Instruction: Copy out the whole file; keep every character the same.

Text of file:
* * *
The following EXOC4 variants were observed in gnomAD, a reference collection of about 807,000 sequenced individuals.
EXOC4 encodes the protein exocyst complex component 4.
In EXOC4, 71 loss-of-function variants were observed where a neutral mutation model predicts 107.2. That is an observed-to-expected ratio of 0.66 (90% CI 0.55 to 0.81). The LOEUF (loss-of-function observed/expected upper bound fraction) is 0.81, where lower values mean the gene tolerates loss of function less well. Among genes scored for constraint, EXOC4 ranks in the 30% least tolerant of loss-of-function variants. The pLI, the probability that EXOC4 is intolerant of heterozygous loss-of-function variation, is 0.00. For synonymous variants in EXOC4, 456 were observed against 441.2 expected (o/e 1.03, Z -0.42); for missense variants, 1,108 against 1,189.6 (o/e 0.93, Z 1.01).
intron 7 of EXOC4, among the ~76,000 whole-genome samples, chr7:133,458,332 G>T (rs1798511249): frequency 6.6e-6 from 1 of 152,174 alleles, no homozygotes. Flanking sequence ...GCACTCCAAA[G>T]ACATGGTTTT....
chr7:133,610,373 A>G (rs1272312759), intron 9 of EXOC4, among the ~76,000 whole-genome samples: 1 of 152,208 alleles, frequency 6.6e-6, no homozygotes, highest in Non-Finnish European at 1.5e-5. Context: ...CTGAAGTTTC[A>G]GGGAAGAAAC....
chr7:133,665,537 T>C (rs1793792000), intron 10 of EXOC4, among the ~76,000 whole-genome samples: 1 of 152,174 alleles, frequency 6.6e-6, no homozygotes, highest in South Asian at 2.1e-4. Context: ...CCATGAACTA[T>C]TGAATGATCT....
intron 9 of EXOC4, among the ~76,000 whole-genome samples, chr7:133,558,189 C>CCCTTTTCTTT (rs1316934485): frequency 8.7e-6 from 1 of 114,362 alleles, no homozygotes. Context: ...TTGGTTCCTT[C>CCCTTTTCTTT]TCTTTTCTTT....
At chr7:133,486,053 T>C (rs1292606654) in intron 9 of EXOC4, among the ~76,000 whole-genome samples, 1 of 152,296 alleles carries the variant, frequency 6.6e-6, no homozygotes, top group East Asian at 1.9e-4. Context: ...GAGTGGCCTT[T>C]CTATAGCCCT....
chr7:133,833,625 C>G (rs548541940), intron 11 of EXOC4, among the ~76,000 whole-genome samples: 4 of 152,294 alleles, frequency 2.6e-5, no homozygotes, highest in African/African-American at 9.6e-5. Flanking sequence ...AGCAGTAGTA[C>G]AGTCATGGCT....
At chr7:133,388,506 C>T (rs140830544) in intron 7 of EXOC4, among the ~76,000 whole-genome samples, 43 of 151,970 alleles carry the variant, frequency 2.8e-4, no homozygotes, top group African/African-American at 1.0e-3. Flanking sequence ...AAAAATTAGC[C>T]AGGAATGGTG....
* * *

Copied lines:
The following EXOC4 variants were observed in gnomAD, a reference collection of about 807,000 sequenced individuals.
EXOC4 encodes the protein exocyst complex component 4.
In EXOC4, 71 loss-of-function variants were observed where a neutral mutation model predicts 107.2. That is an observed-to-expected ratio of 0.66 (90% CI 0.55 to 0.81). The LOEUF (loss-of-function observed/expected upper bound fraction) is 0.81, where lower values mean the gene tolerates loss of function less well. Among genes scored for constraint, EXOC4 ranks in the 30% least tolerant of loss-of-function variants. The pLI, the probability that EXOC4 is intolerant of heterozygous loss-of-function variation, is 0.00. For synonymous variants in EXOC4, 456 were observed against 441.2 expected (o/e 1.03, Z -0.42); for missense variants, 1,108 against 1,189.6 (o/e 0.93, Z 1.01).
intron 7 of EXOC4, among the ~76,000 whole-genome samples, chr7:133,458,332 G>T (rs1798511249): frequency 6.6e-6 from 1 of 152,174 alleles, no homozygotes. Flanking sequence ...GCACTCCAAA[G>T]ACATGGTTTT....
chr7:133,610,373 A>G (rs1272312759), intron 9 of EXOC4, among the ~76,000 whole-genome samples: 1 of 152,208 alleles, frequency 6.6e-6, no homozygotes, highest in Non-Finnish European at 1.5e-5. Context: ...CTGAAGTTTC[A>G]GGGAAGAAAC....
chr7:133,665,537 T>C (rs1793792000), intron 10 of EXOC4, among the ~76,000 whole-genome samples: 1 of 152,174 alleles, frequency 6.6e-6, no homozygotes, highest in South Asian at 2.1e-4. Context: ...CCATGAACTA[T>C]TGAATGATCT....
intron 9 of EXOC4, among the ~76,000 whole-genome samples, chr7:133,558,189 C>CCCTTTTCTTT (rs1316934485): frequency 8.7e-6 from 1 of 114,362 alleles, no homozygotes. Context: ...TTGGTTCCTT[C>CCCTTTTCTTT]TCTTTTCTTT....
At chr7:133,486,053 T>C (rs1292606654) in intron 9 of EXOC4, among the ~76,000 whole-genome samples, 1 of 152,296 alleles carries the variant, frequency 6.6e-6, no homozygotes, top group East Asian at 1.9e-4. Context: ...GAGTGGCCTT[T>C]CTATAGCCCT....
chr7:133,833,625 C>G (rs548541940), intron 11 of EXOC4, among the ~76,000 whole-genome samples: 4 of 152,294 alleles, frequency 2.6e-5, no homozygotes, highest in African/African-American at 9.6e-5. Flanking sequence ...AGCAGTAGTA[C>G]AGTCATGGCT....
At chr7:133,388,506 C>T (rs140830544) in intron 7 of EXOC4, among the ~76,000 whole-genome samples, 43 of 151,970 alleles carry the variant, frequency 2.8e-4, no homozygotes, top group African/African-American at 1.0e-3. Flanking sequence ...AAAAATTAGC[C>T]AGGAATGGTG....